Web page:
Today’s Solutions: June 26, 2022

A country’s head of state can seem far removed from the boots-on-the-ground work that has a tangible and visible effect on average citizens’ lives. For most of us, the gradual progress of policy changes can seem invisible, and we can feel a great disconnect between our lives and the legislative actions of our leaders. 

Not so in Chile, where newly elected President Gabriel Boric has moved his official residence to Santiago’s poorer Yungay neighborhood. 

Using his celebrity for good

Chile doesn’t have a formal residence for its head of state. Former Chilean presidents have established their residences in richer or safer parts of Santiago, like billionaire Sebastian Pinera deciding to stay in his own mansion or Michelle Bachelet and Ricardo Lagos needing to stay in safer parts due to security concerns. In most cases, Chile’s presidents chose the richer east side of the nation’s capital. 

President Boric, on the other hand, decided to use his celebrity, and his required presidential security, and help out a more derelict Santiago neighborhood. 

“We want to recover those neighborhoods that today are threatened by voracious real estate developers, criminals, or drug traffickers,” Boric said in a television interview.

Since moving to Yungay, Boric’s presence has had a notable effect on the neighborhood. Business owners who used to see violence and drug deals happening in front of their buildings are now reporting increased economic activity.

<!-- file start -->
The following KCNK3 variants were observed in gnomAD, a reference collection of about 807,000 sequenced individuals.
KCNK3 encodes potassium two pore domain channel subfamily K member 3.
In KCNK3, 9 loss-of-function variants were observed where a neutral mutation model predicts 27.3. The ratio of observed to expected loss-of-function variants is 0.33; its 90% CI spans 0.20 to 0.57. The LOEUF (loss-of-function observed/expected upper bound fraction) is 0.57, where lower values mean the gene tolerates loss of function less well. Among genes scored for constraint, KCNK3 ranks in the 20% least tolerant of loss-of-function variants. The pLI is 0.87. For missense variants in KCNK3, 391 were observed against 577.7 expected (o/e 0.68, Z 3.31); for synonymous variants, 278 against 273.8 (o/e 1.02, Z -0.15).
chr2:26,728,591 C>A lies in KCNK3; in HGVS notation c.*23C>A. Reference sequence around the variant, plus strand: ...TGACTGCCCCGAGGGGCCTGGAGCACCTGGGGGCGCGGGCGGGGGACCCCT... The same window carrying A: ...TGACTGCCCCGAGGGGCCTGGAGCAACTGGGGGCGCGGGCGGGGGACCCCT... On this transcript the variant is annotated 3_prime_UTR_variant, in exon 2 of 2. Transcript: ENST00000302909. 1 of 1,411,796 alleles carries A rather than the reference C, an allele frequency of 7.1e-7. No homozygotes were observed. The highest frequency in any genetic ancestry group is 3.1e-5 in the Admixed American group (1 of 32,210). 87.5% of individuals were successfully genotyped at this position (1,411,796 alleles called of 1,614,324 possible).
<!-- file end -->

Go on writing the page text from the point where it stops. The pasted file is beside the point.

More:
“The local economy got a shot in the arm,” said Rosario Carvajal, a member of Santiago’s municipal council who lives in Yungay. “You see activity picking up at the local bakeries, stores and restaurants.”

Walking the talk

Something as simple as the president choosing where to live has had a significant effect on the neighborhood. President Boric campaigned on addressing inequality, a revision of the country’s economic model, low pensions and failing government services, and his presence and required security have increased the value of the homes in the neighborhood. 

Neo Rincon, a local real estate broker, says that inquiries for Yungay homes listed for sale jumped after the announcement. “One of the first questions people were asking was ‘how close is it to the president?’” he said to Bloomberg CityLab. 

Politics as usual?

President Boric doesn’t deny that the move was entirely unpolitical. He campaigned on ending reducing inequality and ending “neoliberal practices” that furthered the economic divide between property owners and tenants. Now, his presence might be able to make exploitative real estate developers feel like they’re being watched. 

At the very least the local record store will see more sales, as President Boric is a vintage vinyl lover and has already bought a few LPs.

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